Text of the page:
Beaudoin wore a letter on his jersey for the Colts this season and scored 28 goals for 62 points in 67 games. He’s hard to play against in all three zones and could be a solid middle-six forward at the NHL level with potential to shoot even higher. Though not as dynamic as Lindstrom, he can bring similar value in a different way.

27. Carolina Hurricanes – Nikita Artamonov (RW, Torpedo Nizhny Novgorod, KHL, 5-foot-11, 187 pounds)

The Hurricanes have been known to dabble into the KHL market on occasion, drafting six of their 17 players between the last two classes from Russia. If Artamonov is available for them at 27th overall, it could be a decent value pick for a team that has a good development track record.
Artamov produced well against grown men this season with 23 points in 54 KHL games, which are impressive totals for somebody his age that won’t be getting a ton of looks in terms of ice time. He plays bigger than his size and should take on a more prominent role for his KHL team next season.

28. Calgary Flames – Teddy Stiga (LW, USNTDP, USHL, 5-foot-10, 179 pounds)

If the Flames do indeed end up taking Tij Iginla at ninth overall as I predicted, the second of Calgary’s two first-round picks won’t be getting much of the spotlight, which could be a good thing or a bad thing depending on where you stand. Either way, Teddy Stiga would be an excellent value pick at the end of the first round.
In 88 games with the U.S. National Team Development Program, he tallied 116 points in total and is set to play for Boston College next season. He also had six goals and 11 points in seven games for Team U.S.A. at the U18 World Championships. He has strong hockey IQ and it shows in the way he plays, making it a pristine combination with his skating ability.

29. Dallas Stars – Ryder Ritchie (RW, Prince Albert Raiders, WHL, 6-foot-0, 176 pounds)

The youth movement was alive and well for the Dallas Stars in these past playoffs, with the likes of Wyatt Johnston, Logan Stankoven, and Thomas Harley running the show. They could add another piece to the puzzle with the selection of Ryder Ritchie at 29th overall. Although he didn’t take much of a step forward in his second season, there’s enough upside there to justify taking him in the first round.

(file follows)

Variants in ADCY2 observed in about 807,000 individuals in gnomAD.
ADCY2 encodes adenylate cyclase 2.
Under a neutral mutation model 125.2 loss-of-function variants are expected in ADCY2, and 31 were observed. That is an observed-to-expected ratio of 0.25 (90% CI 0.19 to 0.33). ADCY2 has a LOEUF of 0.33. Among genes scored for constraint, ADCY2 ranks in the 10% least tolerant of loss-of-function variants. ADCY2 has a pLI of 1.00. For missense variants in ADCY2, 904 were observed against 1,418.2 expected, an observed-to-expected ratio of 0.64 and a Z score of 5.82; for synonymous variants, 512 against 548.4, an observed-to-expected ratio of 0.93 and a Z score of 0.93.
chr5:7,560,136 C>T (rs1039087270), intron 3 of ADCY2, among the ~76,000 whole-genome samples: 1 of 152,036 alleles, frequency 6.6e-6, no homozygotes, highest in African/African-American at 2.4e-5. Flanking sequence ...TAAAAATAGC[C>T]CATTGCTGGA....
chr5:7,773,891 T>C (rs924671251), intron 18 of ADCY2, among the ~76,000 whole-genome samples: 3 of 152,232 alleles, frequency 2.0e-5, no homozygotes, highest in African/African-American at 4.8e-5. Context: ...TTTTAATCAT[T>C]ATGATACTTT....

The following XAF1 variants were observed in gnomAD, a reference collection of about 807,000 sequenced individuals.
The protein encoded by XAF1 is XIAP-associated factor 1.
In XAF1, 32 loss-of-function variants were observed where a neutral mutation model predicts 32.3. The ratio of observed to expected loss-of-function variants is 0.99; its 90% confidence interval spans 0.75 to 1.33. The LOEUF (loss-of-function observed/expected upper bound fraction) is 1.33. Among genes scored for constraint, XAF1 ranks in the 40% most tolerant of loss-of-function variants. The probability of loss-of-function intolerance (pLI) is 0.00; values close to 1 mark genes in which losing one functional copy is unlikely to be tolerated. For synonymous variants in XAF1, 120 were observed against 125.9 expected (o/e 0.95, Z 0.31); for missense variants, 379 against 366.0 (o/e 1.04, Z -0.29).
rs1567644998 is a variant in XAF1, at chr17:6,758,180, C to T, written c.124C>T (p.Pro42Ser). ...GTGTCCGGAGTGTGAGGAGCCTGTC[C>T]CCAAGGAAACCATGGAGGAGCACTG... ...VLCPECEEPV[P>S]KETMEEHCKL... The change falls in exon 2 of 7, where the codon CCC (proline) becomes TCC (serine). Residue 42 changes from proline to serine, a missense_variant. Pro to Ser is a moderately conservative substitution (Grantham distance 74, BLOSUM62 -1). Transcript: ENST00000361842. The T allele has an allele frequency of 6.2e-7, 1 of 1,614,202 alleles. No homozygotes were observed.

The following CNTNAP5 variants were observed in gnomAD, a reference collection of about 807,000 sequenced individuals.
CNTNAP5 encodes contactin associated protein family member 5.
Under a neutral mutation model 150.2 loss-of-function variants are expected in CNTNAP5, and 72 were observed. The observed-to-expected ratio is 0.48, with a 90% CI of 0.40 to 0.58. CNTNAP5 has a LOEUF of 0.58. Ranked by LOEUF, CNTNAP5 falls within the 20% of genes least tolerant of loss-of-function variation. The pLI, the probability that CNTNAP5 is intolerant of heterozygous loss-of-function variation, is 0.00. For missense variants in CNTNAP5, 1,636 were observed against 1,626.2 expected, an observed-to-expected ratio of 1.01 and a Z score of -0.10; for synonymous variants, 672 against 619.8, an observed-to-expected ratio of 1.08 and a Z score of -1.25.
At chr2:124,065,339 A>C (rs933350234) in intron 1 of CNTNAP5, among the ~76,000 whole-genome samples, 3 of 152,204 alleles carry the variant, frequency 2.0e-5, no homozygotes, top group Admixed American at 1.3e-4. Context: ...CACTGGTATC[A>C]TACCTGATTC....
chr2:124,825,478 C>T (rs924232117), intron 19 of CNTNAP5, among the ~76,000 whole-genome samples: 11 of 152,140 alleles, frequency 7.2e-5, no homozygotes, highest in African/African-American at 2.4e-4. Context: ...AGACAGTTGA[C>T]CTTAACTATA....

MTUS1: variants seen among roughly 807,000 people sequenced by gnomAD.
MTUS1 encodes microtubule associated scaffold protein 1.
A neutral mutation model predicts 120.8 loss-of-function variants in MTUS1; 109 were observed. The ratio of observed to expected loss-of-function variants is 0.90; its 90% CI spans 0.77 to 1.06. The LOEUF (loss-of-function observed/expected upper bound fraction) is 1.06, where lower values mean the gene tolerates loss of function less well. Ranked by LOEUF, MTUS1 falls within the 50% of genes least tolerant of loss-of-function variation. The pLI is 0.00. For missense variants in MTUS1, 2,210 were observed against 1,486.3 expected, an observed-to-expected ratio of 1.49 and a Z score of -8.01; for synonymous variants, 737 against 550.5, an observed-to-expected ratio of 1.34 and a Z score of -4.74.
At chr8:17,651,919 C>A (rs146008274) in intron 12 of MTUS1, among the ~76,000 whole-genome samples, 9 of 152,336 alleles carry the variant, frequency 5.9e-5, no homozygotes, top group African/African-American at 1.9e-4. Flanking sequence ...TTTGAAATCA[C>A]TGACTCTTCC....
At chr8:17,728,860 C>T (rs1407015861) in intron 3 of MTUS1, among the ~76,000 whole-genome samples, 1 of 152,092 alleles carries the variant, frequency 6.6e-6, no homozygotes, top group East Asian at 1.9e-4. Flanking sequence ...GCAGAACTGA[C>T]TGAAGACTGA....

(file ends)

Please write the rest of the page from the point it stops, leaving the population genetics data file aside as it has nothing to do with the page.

He had 44 points in 47 games for the Raiders this season and had four goals and four assists in 8 games for Team Canada at the U18 Worlds. The dual Canadian/Swedish citizen is an east-west player when things are going well and is a constant shooting threat.

30. New York Rangers – Sacha Boisvert (C, Muskegon Lumberjacks, USHL, 6-foot-2, 183 pounds)

The Rangers have had some insane draft luck over the past few years, shooting up into the top-3 not once, but twice in a row. While the selection of Kaapo Kakko second overall five years ago hasn’t quite worked out to date, they’ve made out pretty well on some of their other first round picks, and Boisvert could be the next example of the latter.
The Trois-Rivieres, Quebec native took a less-common route to the draft, playing in the USHL for the Muskegon Lumberjacks where he tallied 68 points in 61 games. He’s committed to the University of North Dakota next year and could be a solid middle-six option for the Rangers down the road.

31. Anaheim Ducks – Jett Luchanko (C, Guelph Storm, OHL, 5-foot-11, 187 pounds)

If the Ducks do indeed go with a big, strong defenceman third overall, they might as well go for the polar opposite in Jett Luchanko. He’s one of the better playmakers in the draft class and has the speed to go with it, making him an intriguing complementary piece for them down the line.
He had 20 goals and 54 assists in 60 games this season, and his speed works both on the defensive side of things and in the O-zone. He also had seven points in seven games for Team Canada at the U18 Worlds.

32. Philadelphia Flyers – Dean Letourneau (C, St. Andrew’s College, U18 AAA, 6-foot-7, 214 pounds)

Remember what I said earlier about the Bruins taking somebody who just “felt” like a Bruin? I’m using the same logic here. The Flyers may not be the Broad Street Bullies they were back in the 1970s, but there’s still a level of blue-collar mentality that comes with being a Flyer, and Letourneau fits that mentality.
It’s not often you see somebody drafted to the NHL out of U18 Triple-A, but that’s where he spent most of his season and he posted video game numbers there with 61 goals and 127 points in 56 games. He’s committed to Boston College next season, and it should be interesting to see how he adapts.